Recently, I attended the Mortgage Banker Association’s CREF 2017 multifamily conference in San Diego (MBA CREF17) along with some other GRS Group professionals.
The conference was a great opportunity to meet with client and peers, reconnect with professionals from all over the country, and sit in on meetings and information sessions covering a wide variety of property, lending and borrower types. This blog will focus on a single session I attended of particular interest – specifically, the importance of life-insurance companies in the current commercial real estate lending environment.
The session, titled “The Future of Companies in Commercial Real Estate,” had panelists from a range of lenders including Stancorp Mortgage Investors who loaned out $1.7 billion last year, PPM Finance (who reportedly completed $2.3 billion of transactions) and Metlife who financed over $14 billion in deals in 2016.
My notes follow:
PPM, for one, is concentrating on retail real estate and is very Intent on current and future use. The firm likes experiential retail and entertainment concepts in particular, such as restaurants and brew pubs. There is a question to the sustainability of these concepts over the long term, though, if the economy turns and consumers don’t want to spend to go out.
Just under half of Stancorp’s deals are retail related. This company likes to play it safe, investing in strip centers and service retail. They consider these to be more “recession-proof” and are bullish on the type and size of retail they do – and will continue to do.
Metlife pointed out that many power centers may need to be repurposed for different uses after the closure of many big-box stores, and are very intently following the changing nature of the retail landscape. The firm also sees a future in lifestyle centers but says the old adage “location, location, location” will always take precedence..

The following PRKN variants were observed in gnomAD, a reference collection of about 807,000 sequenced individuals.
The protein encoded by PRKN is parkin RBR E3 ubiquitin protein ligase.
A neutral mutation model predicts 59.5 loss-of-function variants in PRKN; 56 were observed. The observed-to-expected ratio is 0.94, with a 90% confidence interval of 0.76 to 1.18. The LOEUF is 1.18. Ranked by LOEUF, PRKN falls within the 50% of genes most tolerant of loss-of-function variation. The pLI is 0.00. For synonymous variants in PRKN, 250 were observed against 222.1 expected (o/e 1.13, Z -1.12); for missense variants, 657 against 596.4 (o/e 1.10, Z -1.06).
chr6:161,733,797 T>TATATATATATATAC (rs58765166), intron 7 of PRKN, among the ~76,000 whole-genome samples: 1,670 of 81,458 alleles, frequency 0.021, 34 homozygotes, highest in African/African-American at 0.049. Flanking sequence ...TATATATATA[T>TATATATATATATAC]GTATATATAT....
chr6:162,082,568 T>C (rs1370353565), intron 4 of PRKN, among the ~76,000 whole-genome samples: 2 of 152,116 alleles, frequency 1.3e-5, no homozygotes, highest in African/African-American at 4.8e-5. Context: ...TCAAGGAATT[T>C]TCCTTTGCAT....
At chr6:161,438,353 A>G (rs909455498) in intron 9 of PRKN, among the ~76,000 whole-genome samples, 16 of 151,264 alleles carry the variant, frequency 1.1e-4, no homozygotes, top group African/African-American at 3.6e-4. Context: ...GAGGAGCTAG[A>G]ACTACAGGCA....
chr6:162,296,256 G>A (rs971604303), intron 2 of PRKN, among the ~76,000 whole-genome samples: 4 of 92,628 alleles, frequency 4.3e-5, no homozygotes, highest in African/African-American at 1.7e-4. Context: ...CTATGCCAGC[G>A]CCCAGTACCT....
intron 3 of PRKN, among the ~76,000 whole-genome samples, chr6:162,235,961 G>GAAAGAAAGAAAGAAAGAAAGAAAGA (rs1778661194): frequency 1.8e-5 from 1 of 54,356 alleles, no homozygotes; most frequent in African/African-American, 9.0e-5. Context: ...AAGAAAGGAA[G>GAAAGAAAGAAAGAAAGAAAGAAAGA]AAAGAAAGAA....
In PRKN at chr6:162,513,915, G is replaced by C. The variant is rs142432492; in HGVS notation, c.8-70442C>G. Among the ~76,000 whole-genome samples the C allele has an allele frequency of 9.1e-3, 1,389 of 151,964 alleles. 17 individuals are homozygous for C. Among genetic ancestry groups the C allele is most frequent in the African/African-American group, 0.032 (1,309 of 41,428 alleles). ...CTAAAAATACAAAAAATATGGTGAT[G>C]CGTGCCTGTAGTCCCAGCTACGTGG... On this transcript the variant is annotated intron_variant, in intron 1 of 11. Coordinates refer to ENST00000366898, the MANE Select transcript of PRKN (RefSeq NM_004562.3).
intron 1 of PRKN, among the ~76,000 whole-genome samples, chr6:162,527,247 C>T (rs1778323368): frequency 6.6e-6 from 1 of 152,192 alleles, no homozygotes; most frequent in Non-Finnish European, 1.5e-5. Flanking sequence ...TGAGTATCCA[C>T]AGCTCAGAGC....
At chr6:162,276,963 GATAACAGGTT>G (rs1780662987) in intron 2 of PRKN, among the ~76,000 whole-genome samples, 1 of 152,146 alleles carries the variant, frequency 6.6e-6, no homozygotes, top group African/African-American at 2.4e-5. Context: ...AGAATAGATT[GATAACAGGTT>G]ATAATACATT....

Metlife is focused on urban assets as CORE is very competitive. However, they have some concern about overbuilding in some locales and will look at each deal individually, but still like office.
Stancorp is bullish on medical office. They, unlike Met, are not fans of suburban assets because of corporations shrinking their employee counts and because there loan sizes mean less desirable, smaller urban properties.
PPM pointed out that technology is changing the sector and making big leaps in promoting the creative-office movement. The problem with this sector, according to its executives, is that urban offices are tricky to fund because location is very important, and urban areas have high-priced real estate.
PPM likes older vintage facilities. The company also sees warehouse and distribution centers as the best performers in the current economy and overall CRE landscape – nit concerns with the current administration policies from tax to immigration to labor could quickly change the status quo.
For its part, Metlife expects commerce to pick up, especially with the continued evolution of online shopping. The firm does have some skepticism though, based on uncertainties about border protection and trade policies that could be enacted by the new administration.
Stancorp is interested in investing in older warehouses. But the firm is also upbeat about the sector as a whole, pointing out that warehouse rents are increasing across the board.
The current darling of the CRE landscape remains a property type these firms would love to do more of. However, agencies are the main players and dominate sector financing. With that said, all three – PPM, Metlife and Stancorp – remain interested and willing to fund these deals across the board when it fits in their specific loan sizes and requirements.
So, in conclusion, we will see what happens with life-insurance investment in commercial real estate for the remainder of 2017. All report 2017 allocations of as much or more than 2016. Unless there is an unforeseen downturn in the economy, or a dip in CRE fundamentals, there is no reason to think that these firms’ appetites will decrease. Life Company lenders across the board will increase allocations to commercial properties, and should play a bigger role than ever in CRE finance.